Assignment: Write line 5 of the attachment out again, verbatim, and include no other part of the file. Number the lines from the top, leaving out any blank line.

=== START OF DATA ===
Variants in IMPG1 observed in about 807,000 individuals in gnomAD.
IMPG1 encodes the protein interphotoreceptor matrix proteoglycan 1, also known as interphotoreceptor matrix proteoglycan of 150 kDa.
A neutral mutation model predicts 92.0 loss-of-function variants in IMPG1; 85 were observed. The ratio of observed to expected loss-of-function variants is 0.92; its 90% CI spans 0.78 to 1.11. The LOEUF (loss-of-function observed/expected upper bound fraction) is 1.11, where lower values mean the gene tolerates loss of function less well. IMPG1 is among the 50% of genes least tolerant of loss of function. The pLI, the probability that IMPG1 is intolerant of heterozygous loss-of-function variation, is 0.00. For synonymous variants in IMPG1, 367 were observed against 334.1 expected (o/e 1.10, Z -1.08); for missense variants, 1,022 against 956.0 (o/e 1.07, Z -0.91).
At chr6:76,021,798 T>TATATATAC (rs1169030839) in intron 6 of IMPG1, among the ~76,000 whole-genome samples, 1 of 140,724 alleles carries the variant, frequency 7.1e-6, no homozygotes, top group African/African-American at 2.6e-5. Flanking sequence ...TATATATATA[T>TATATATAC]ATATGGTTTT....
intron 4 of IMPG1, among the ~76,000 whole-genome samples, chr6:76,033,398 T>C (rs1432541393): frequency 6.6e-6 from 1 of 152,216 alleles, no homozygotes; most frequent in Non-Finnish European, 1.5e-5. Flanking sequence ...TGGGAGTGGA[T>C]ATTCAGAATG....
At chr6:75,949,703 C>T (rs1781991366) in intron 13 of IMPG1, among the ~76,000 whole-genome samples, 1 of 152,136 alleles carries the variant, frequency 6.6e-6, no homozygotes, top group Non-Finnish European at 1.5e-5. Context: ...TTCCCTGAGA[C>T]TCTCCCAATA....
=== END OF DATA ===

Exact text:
intron 4 of IMPG1, among the ~76,000 whole-genome samples, chr6:76,033,398 T>C (rs1432541393): frequency 6.6e-6 from 1 of 152,216 alleles, no homozygotes; most frequent in Non-Finnish European, 1.5e-5. Flanking sequence ...TGGGAGTGGA[T>C]ATTCAGAATG....